Cannabis Health Search

Cannabinoid Hyperemesis Syndrome (CHS)

Overview

Cannabinoid Hyperemesis Syndrome (CHS) is a condition that leads to repeated and severe bouts of vomiting. It is rare and only occurs in daily long-term users of Cannabis.

How long does it take to recover from cannabinoid hyperemesis syndrome?

In the recovery phase, symptom improvement and resolution occur with cessation of Cannabis use. Symptom improvement can occur within 12 hours of Cannabis cessation, but can take as long as three weeks. Patients remain symptom-free while abstinent, but symptoms rapidly recur when they resume use.
Links to Cannabinoid Hyperemesis Syndrome and Cannabis Based Science & Medical Journals

2019 - Abstract ~ Emerging Role of Aprepitant in Cannabis Hyperemesis Syndrome.

Cureus.


2019 - Abstract ~ Patterns of Cannabis Use In Patients With Cyclic Vomiting Syndrome.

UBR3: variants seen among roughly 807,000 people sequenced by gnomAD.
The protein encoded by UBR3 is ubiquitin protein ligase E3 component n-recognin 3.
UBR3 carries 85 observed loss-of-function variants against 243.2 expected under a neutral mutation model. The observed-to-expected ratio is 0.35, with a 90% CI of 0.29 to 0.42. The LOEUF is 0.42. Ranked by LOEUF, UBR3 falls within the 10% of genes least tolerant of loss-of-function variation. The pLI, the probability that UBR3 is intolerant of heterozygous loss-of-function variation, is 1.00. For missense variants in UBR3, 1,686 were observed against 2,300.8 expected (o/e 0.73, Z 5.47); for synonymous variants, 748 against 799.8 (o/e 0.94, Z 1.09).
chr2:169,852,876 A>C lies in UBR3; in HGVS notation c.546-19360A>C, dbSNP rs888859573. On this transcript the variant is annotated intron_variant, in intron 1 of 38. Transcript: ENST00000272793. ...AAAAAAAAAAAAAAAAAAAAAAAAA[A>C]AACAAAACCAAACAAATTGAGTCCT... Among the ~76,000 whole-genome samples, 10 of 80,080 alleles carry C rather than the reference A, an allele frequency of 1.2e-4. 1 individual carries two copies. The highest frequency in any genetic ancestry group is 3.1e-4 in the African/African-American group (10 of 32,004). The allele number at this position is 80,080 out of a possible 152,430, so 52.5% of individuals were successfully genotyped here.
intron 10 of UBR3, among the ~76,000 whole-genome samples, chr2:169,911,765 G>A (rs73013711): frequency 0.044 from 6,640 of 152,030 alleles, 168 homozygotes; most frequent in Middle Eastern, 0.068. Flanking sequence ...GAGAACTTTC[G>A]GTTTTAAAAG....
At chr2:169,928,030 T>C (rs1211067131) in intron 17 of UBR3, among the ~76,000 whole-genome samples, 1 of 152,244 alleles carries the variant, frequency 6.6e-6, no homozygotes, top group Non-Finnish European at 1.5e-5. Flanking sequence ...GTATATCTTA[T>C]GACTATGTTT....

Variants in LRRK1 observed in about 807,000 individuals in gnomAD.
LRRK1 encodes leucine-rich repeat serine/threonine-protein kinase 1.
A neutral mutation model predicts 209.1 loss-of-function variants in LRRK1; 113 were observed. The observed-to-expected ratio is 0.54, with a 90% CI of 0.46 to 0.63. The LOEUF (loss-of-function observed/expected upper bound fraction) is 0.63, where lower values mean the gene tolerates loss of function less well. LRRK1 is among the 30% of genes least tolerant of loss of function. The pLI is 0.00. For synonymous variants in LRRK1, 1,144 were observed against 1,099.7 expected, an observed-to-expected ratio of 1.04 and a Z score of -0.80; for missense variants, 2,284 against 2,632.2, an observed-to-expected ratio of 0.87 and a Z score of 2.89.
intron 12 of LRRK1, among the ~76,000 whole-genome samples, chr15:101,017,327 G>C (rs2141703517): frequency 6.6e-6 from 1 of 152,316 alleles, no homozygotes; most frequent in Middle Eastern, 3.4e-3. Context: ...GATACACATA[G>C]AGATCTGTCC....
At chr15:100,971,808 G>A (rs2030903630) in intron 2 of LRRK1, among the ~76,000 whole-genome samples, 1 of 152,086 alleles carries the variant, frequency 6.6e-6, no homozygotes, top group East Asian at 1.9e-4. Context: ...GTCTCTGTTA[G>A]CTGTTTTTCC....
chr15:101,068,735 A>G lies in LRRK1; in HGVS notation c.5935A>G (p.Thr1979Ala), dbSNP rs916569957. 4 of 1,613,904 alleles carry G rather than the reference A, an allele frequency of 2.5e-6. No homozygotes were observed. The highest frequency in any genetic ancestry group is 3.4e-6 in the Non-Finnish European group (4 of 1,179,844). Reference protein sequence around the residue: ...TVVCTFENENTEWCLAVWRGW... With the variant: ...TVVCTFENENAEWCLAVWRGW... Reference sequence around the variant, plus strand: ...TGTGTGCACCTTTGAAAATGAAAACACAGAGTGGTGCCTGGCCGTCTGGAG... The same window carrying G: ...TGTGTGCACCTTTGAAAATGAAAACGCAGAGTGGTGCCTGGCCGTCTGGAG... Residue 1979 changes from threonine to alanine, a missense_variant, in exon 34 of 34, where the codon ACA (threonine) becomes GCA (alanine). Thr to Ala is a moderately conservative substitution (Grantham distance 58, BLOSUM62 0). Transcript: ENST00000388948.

Clinical Gastroenterology and Hepatology.


2019 - Abstract ~ Cannabis Hyperemesis Syndrome in Palliative Care: A Case Study and Narrative Review.

Journal of Palliative Medicine.


2019 - Abstract ~ Cannabinoid hyperemesis syndrome: An unrecognized cause of nausea and vomiting.

Journal of the American Academy of Physician Assistants.


2019 - Abstract ~ Emergency Department Visits From Edible Versus Inhalable Cannabis.

Annals of Internal Medicine.


2019 - Abstract ~ Acute Illness Associated With Cannabis Use, by Route of Exposure: An Observational Study.

Annals of Internal Medicine.


2019 - Abstract ~ The utility of droperidol in the treatment of cannabinoid hyperemesis syndrome.

Clinical Toxicology.


2019 - Abstract ~ Cannabinoid toxicity in pediatrics.

Current Opinion in Pediatrics.


2019 - Abstract ~ Hair cannabinoid concentrations in emergency patients with cannabis hyperemesis syndrome.

Canadian Journal of Emergency Medicine.


2019 - Full ~ Canadian Association of Gastroenterology Position Statement: Use of Cannabis in Gastroenterological and Hepatic Disorders.

Journal of the Canadian Association of Gastroenterology.



BMJ Open Respiratory Research.

Journal of Addiction.